University Business - February 2009 - (Page 32)

CHAPTERS Achieving the Turnaround: From Strategy to Action By James Martin and James E. Samels N REVIEWING SUMMARY RECOMMENDA tions from the book’s core chapters on board leadership, the presidency, academic strategy, and the work of the cabinet, five areas emerge as central to turnaround success: clarity of mission, financial stability, infrastructure health, accreditation transparency, and engaged board, executive, and faculty leadership. Each of these areas must be integrated into the overall turnaround plan for the institution finally to achieve and sustain stability, but we caution readers to realize that even in the face of a major enrollment decline or budget deficit, or the sudden defection of the president, there will remain multiple ways to address the institution’s most pressing problems. Thus we synthesize key strategies of approach and lessons learned with the understanding that they conclude a practitioner’s handbook designed to provide solutions for campus leaders who are contending with a broad scope of overlapping and ingrained weaknesses. MISSION During the uncertainties of a turnaround, the mission of the college or university is sometimes taken for granted and is left unconsidered with the assumption that there must be dozens, if not hundreds, of issues that need addressing—particularly the hard core financial challenges— I ● T U R N A RO U N D : L E A D I N G S T R E S S E D C O L L E G E S A N D Universities to Excellence (The Johns Hopkins University Press, 2009) is the new book by University Business “Future Shock” columnists James Martin and James E. Samels. The book outlines how board members, presidents, and administrators can identify their institutions’ weaknesses, implement plans for improvement, and mitigate existing damage. Here we offer an excerpt summarizing the key strategies that must be implemented to turn around a stressed college or university. Read this story online at www to get an additional collection of leadership lessons gathered from presidents and others who have managed a turnaround process firsthand. You’ll also find information for ordering a copy of the book for yourself. before time can be taken to sit and reflect on this sometimes overlooked element of community life. Amid many campus anxieties, discussions of mission sometimes seem to be a luxury that the leadership team cannot afford, but in our research we have noted how often it has been necessary to rethink the institution’s original vision and goals in order to get underneath the current causes of its fragility and to start addressing them seriously. Instead of beginning with a complex plan to reorganize personnel or an expensive outcomes-assessment system, the leadership team should more wisely use this energy to examine how dangerously dated and off-center the institutional mission has become. William Weary, consultant to the Association of Governing Boards of Universities and Colleges on trustee leadership issues, advises, “The board’s final responsibility is not to its current faculty, staff, alumni, or even students. Rather, it is to the institution’s mission. Key members of the leadership team and trustees must keep asking: How well does this university implement that mission? From the perspective of best use of available human, financial, and physical resources, can current institutional sacrifices be justified? And, finally, what would the consequences be of shutting our doors?” Rather than jumping too quickly to a new, expensive degree program or an expanded marketing campaign, experienced campus leaders working to mitigate risks learn to gauge early on if mission has been 32 | February 2009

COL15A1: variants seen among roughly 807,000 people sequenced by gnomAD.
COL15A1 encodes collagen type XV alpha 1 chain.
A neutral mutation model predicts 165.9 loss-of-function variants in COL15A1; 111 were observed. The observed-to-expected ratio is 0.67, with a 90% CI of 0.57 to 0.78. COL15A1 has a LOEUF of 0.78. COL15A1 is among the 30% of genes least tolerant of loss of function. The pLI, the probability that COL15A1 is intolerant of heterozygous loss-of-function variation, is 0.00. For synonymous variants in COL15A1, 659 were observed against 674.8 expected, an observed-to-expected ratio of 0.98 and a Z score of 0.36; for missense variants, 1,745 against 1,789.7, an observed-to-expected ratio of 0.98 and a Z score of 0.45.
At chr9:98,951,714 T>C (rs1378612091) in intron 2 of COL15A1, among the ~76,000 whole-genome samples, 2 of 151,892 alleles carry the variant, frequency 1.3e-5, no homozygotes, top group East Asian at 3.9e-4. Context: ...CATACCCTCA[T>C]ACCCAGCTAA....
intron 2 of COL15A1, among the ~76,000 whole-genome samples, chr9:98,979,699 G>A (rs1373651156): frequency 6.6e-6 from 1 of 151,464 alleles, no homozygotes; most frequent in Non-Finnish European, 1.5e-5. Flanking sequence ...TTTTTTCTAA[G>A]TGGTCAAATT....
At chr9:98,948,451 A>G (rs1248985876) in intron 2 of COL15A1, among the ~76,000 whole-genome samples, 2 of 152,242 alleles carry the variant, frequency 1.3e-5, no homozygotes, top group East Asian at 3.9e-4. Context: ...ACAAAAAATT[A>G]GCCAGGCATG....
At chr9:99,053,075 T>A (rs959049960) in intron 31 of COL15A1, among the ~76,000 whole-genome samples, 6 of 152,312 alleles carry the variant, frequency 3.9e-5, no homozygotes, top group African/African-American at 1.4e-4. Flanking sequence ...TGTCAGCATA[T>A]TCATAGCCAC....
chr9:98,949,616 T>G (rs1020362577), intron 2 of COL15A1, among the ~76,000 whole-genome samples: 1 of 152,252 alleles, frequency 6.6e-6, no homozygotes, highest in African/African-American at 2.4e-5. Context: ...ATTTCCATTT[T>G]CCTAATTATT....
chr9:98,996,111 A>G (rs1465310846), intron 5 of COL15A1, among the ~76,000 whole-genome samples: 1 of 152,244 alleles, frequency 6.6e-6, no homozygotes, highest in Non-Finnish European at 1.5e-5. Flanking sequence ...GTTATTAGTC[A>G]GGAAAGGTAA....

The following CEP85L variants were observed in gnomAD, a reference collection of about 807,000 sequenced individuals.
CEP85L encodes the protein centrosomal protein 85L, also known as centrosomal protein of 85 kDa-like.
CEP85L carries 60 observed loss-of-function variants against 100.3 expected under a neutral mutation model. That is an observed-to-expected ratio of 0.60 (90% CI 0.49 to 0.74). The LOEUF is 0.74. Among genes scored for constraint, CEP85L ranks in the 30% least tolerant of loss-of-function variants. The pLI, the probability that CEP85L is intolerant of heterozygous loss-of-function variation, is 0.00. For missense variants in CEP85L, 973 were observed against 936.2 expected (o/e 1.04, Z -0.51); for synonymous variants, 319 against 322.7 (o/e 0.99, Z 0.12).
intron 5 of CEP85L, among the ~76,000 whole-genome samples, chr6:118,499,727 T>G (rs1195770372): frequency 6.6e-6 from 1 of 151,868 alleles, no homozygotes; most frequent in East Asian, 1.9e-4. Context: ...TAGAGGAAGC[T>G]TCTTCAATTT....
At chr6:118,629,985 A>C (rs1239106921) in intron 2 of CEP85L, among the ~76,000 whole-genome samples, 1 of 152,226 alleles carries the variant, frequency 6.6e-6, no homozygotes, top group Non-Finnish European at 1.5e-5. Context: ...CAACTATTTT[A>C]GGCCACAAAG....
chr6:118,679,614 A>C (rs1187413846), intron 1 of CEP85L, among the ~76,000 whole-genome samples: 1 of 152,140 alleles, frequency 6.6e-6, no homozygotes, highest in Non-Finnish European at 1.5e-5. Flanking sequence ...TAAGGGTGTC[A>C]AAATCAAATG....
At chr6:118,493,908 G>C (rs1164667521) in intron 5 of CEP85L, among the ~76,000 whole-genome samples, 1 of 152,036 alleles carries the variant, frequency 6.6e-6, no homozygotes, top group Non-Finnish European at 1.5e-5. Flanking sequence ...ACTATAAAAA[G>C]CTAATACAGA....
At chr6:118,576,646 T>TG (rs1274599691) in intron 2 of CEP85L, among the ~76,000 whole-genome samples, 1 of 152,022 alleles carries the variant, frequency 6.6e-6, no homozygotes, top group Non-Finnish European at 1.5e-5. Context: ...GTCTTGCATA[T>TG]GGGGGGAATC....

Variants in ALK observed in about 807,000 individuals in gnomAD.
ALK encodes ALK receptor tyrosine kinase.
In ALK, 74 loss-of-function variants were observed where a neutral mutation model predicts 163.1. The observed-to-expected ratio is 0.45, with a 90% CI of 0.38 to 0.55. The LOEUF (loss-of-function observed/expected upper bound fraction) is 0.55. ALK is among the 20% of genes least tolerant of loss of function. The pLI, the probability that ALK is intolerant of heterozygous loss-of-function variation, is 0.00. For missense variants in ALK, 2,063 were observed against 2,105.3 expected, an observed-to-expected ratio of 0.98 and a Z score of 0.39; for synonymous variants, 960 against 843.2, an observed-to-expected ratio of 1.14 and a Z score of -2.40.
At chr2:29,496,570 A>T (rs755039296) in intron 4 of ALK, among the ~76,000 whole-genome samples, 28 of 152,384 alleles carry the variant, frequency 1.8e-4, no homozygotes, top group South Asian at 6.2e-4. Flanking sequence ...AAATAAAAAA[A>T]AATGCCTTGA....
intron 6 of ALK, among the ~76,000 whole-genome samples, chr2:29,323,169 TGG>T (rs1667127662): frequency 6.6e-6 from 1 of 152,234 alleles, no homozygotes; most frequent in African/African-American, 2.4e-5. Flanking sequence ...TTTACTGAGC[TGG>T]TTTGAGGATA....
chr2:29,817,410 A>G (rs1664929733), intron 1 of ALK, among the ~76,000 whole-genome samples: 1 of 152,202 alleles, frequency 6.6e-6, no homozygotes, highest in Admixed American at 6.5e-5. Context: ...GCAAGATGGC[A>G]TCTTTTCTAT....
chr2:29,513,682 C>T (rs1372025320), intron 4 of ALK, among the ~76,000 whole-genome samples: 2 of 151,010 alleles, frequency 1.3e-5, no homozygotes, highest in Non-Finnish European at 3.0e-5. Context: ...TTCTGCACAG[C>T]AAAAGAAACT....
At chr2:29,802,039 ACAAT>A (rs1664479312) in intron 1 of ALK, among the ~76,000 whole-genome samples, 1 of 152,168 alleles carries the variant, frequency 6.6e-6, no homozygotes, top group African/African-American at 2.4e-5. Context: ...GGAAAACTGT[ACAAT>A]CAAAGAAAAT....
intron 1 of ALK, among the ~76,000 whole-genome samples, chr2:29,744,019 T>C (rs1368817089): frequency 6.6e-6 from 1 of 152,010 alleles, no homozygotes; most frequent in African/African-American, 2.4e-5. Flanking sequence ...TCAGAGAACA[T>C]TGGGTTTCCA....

Table of Contents for the Digital Edition of University Business - February 2009

University Business - February 2009
Editor's Note
College Index
Company Index
Advisory Board
Behind the News
Sense of Place
Independent Outlook
Wireless Windfall
Share and Share Alike
Achieving the Turnaround
Internet Technology
What's New
End Note

University Business - February 2009